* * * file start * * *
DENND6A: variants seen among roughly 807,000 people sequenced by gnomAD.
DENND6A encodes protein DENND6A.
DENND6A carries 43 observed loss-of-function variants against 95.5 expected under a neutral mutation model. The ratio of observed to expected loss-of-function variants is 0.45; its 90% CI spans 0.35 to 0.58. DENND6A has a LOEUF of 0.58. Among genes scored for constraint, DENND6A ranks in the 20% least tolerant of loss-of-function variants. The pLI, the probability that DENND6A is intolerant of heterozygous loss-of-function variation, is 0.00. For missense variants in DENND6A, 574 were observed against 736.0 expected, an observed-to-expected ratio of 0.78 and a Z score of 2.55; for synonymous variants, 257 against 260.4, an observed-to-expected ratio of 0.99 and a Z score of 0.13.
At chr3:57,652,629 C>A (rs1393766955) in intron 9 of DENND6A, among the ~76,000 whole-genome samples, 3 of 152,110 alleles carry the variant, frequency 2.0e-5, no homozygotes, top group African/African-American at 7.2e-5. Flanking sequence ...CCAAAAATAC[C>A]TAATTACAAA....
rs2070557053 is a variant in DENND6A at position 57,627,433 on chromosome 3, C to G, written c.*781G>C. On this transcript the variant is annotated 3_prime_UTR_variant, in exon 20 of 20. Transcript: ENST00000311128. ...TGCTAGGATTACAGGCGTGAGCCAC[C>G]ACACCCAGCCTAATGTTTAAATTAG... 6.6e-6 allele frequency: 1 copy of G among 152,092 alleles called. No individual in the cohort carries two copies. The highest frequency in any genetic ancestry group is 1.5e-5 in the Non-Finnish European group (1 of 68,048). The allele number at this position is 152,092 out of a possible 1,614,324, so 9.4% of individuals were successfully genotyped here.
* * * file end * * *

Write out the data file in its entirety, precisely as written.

DENND6A: variants seen among roughly 807,000 people sequenced by gnomAD.
DENND6A encodes protein DENND6A.
DENND6A carries 43 observed loss-of-function variants against 95.5 expected under a neutral mutation model. The ratio of observed to expected loss-of-function variants is 0.45; its 90% CI spans 0.35 to 0.58. DENND6A has a LOEUF of 0.58. Among genes scored for constraint, DENND6A ranks in the 20% least tolerant of loss-of-function variants. The pLI, the probability that DENND6A is intolerant of heterozygous loss-of-function variation, is 0.00. For missense variants in DENND6A, 574 were observed against 736.0 expected, an observed-to-expected ratio of 0.78 and a Z score of 2.55; for synonymous variants, 257 against 260.4, an observed-to-expected ratio of 0.99 and a Z score of 0.13.
At chr3:57,652,629 C>A (rs1393766955) in intron 9 of DENND6A, among the ~76,000 whole-genome samples, 3 of 152,110 alleles carry the variant, frequency 2.0e-5, no homozygotes, top group African/African-American at 7.2e-5. Flanking sequence ...CCAAAAATAC[C>A]TAATTACAAA....
rs2070557053 is a variant in DENND6A at position 57,627,433 on chromosome 3, C to G, written c.*781G>C. On this transcript the variant is annotated 3_prime_UTR_variant, in exon 20 of 20. Transcript: ENST00000311128. ...TGCTAGGATTACAGGCGTGAGCCAC[C>G]ACACCCAGCCTAATGTTTAAATTAG... 6.6e-6 allele frequency: 1 copy of G among 152,092 alleles called. No individual in the cohort carries two copies. The highest frequency in any genetic ancestry group is 1.5e-5 in the Non-Finnish European group (1 of 68,048). The allele number at this position is 152,092 out of a possible 1,614,324, so 9.4% of individuals were successfully genotyped here.